And, in many ways, it's helped me become a better runner. Although focused on training for ultras, I've also achieved a PB in the marathon. I think this might be because more easy running has helped me train consistently without major injury and also build a better aerobic base.
      And yet, and yet …
      I can't stop myself wanting to push further.
      I can't stop thinking about what might have been achieved if I trained a little bit harder.
      I can't stop feeling that I want to find my limits.
      Even though I know that all of this will increase the risk of injury, I struggle to fight those feelings.
      Participating in an ultra marathon is such a significant slug of time, I would struggle to enjoy it as much if I didn't feel I had done my "best" (whatever that is).
      So, although I agree that injury and illness don't have to be part of running. I can also see why so many runners accept it as an inevitability.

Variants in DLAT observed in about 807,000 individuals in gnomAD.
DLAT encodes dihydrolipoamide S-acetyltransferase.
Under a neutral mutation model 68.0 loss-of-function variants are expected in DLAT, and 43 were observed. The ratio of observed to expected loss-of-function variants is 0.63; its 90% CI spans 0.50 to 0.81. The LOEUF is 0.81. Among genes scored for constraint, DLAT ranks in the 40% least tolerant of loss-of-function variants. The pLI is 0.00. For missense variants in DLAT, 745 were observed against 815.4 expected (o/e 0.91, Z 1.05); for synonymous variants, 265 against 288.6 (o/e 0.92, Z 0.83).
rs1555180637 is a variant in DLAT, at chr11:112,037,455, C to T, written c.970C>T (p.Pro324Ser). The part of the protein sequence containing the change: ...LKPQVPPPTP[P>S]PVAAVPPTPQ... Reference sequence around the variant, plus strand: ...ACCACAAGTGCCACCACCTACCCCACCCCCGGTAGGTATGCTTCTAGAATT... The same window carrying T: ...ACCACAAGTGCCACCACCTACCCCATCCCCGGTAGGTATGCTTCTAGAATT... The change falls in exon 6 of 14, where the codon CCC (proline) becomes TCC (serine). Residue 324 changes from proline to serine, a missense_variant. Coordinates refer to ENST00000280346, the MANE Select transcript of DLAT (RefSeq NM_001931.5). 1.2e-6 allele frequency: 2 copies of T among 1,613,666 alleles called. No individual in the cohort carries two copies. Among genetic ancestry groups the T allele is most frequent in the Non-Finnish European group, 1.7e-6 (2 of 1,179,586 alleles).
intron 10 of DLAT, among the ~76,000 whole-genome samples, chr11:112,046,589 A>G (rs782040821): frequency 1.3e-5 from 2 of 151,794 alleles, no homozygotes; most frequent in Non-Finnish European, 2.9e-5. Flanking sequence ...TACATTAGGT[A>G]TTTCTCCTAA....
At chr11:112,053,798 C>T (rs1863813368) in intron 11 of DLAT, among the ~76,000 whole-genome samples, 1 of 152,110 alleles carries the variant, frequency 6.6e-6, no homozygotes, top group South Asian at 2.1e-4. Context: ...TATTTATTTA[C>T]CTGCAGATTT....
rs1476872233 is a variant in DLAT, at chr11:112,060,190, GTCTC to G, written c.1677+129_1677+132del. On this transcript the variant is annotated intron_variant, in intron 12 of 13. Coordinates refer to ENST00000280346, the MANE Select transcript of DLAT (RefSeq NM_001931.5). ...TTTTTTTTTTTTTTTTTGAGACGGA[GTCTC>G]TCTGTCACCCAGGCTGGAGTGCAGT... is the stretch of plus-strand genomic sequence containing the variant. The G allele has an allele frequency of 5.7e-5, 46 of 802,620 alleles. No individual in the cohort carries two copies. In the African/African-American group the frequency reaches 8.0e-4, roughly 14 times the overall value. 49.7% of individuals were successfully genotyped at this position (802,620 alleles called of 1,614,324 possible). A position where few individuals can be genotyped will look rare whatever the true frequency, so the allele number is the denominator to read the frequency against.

3. Mattjsy

    I was meant to do my 3rd 100 last October but my body imploded last summer. After countless visits to Dr's and consultants I eventually got diagnosed with inflammatory arthritis and with 10 months of no running I have finally found a medication that is working. Dark days and months have only been possible through knowing that I can dig in and I will pull through. Pain is truly temporary whilst the joy of the trail is always there

  4. senelly

    Right you are Geoff. Thanks for the reminders.

    #1: Changes in our physical and mental abilities happen. They are inevitable. How we perceive them is uber-important and it is totally up to us. We get to decide what they mean and how we move on. Some changes are welcome and are easy to accept… like improving race times, not puking during an ultra, and just feeling really good.

    #2: There are different kinds of not-so-good changes… there's the acute (the realization of a wrong turn, the tripping face plant, the oh crap ankle turn, the holy sh*t broken bone, etc.) and then there are the chronic agonies (unrelenting plantar fasciitis, screaming knees, and so on).